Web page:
One of the reasons that amassing sensitive client data is a bad idea looks to have come to have proven true as MSD’s new system didn’t work and is being scrapped.
Minister Ann Tolley has issued a press release stating that the new MSD system for submission of individually identifiable client level data is not up to scratch.
You can read the full release below.
To put the $330 million quoted as being spent on community based social services in context: $857 million is in the same budget for Inland Revenue’s new tax administration system.
New IT platform for individual client level data system
Hon Anne Tolley
Minister for Social Development
5 April 2017
New IT platform for individual client level data system to be developed
Social Development Minister Anne Tolley says a new IT solution will be developed for the collection of individual client level data from NGOs as the current system is not up to standard.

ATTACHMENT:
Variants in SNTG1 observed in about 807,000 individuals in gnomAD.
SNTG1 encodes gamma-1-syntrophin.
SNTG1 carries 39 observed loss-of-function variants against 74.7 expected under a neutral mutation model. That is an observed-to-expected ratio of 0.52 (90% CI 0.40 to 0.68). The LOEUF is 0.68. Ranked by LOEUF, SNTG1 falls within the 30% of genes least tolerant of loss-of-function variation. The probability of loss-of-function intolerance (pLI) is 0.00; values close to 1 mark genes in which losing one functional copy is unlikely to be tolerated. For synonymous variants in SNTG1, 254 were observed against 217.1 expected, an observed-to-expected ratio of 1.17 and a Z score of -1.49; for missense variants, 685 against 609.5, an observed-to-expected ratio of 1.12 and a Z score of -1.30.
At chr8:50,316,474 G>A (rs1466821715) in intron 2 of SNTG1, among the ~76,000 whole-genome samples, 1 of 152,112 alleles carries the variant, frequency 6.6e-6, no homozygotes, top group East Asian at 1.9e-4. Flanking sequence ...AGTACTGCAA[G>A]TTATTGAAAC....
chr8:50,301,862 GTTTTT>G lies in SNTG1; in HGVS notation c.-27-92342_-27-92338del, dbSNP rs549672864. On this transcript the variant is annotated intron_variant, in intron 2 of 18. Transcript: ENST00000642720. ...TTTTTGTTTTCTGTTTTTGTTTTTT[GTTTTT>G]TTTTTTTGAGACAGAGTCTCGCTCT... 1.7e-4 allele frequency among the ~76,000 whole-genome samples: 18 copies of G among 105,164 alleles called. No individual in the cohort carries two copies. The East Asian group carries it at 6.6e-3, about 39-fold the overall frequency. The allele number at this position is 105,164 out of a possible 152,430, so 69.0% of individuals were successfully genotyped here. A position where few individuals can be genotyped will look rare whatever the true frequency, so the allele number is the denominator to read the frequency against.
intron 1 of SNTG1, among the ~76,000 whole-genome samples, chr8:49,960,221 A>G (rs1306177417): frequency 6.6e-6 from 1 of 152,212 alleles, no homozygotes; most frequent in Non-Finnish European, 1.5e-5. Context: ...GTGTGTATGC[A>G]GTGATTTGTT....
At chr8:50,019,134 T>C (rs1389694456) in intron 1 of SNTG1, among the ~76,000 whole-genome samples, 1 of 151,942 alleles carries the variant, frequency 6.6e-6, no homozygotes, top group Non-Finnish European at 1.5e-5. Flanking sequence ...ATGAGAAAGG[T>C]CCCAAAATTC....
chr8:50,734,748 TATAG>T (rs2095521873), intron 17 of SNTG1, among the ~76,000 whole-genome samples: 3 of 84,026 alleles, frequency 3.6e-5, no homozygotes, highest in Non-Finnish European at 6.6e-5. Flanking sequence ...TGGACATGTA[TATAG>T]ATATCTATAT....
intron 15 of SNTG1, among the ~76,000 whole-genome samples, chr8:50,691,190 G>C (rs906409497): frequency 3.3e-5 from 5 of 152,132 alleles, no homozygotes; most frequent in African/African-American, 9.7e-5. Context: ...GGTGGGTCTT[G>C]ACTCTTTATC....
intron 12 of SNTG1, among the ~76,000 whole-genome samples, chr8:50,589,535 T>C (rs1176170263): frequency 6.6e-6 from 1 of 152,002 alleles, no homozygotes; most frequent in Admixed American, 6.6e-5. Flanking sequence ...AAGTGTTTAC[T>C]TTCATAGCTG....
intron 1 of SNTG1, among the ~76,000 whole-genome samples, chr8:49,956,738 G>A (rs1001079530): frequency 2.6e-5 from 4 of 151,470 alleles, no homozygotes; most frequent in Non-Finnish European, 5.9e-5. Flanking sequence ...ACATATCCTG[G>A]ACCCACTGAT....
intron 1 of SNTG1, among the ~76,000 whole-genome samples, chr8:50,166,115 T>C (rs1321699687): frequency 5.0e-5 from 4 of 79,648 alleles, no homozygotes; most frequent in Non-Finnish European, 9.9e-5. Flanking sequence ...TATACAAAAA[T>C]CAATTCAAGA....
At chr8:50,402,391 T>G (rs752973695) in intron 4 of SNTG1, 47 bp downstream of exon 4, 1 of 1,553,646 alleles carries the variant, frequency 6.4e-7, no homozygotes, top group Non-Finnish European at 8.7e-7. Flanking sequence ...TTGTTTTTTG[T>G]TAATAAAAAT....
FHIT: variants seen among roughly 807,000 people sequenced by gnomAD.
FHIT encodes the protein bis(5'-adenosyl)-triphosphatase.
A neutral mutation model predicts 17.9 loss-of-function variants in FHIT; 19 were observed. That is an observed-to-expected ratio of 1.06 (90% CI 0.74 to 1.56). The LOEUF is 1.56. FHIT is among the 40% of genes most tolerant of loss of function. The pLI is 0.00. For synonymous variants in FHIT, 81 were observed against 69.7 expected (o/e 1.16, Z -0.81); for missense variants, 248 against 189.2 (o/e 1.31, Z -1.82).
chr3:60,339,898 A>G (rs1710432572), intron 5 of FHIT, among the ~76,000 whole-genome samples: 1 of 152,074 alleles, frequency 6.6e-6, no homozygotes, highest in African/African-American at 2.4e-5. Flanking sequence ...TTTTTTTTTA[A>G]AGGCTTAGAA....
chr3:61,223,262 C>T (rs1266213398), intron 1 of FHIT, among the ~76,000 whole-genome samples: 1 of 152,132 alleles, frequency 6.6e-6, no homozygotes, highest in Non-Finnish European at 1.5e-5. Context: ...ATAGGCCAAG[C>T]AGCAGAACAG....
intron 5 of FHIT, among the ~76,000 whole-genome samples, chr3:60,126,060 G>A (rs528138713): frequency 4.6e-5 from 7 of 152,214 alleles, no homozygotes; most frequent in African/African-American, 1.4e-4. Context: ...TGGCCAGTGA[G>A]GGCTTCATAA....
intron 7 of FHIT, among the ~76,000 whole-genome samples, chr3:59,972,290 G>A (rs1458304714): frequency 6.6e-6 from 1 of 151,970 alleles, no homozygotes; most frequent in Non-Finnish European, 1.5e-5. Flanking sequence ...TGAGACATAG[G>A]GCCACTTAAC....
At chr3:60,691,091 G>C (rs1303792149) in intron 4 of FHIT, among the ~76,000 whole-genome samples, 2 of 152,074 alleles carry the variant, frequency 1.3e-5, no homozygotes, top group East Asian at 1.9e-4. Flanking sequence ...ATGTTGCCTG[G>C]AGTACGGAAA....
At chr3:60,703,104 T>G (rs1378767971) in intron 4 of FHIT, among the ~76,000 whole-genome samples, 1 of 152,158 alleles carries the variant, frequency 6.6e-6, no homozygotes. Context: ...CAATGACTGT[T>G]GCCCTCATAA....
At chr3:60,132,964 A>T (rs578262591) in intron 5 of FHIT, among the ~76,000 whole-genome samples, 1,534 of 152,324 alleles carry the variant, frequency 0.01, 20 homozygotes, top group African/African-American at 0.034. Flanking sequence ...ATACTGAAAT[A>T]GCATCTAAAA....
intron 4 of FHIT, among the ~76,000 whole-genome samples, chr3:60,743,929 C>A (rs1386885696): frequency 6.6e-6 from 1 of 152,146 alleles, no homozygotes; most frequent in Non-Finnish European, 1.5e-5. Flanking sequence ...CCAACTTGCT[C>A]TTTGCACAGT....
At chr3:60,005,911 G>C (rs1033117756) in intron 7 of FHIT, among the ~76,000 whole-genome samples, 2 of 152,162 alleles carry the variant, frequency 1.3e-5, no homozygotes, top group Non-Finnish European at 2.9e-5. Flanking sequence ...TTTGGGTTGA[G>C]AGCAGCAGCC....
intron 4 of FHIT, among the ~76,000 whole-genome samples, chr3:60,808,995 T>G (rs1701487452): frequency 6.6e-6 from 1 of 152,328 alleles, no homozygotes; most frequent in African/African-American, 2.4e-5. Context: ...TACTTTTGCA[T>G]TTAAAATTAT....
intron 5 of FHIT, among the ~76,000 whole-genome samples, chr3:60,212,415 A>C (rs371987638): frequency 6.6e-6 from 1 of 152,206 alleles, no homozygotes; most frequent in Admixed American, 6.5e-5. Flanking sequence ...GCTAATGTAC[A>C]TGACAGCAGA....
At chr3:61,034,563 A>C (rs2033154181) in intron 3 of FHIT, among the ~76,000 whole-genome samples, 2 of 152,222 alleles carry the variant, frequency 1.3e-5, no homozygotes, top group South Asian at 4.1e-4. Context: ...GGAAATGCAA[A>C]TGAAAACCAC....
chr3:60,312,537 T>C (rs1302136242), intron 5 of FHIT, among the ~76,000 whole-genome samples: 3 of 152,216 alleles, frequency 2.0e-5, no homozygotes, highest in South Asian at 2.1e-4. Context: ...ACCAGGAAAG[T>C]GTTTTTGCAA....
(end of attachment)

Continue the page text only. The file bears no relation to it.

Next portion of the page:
“Last night I was advised by MSD about a technical issue with the portal where providers submit individual client level data,” says Mrs Tolley.
“No private information on clients was available, however a provider was able to view another provider’s folder. The system was shut down last night as a result. To date, 136 providers have been invited to upload client level data into the DIA shared portal, only 10 providers have uploaded information so far.
“I’ve asked officials for advice on the next steps which will involve using a different IT platform that will be robustly tested.
“It’s vital clients and providers have confidence that their information is being protected. We will work with the Privacy Commissioner and the Government’s Chief Information Officer to ensure we get this right.
“It’s important we have a secure IT system which enables government to access client level data so we can target funding to the services which best help our most vulnerable New Zealanders. We need to be able to understand what services are needed, what is effective, and identify any gaps.
“All New Zealanders would expect that the $330 million we fund in community based social services every year is spent on programmes that get the best results for New Zealanders, particularly the most vulnerable.”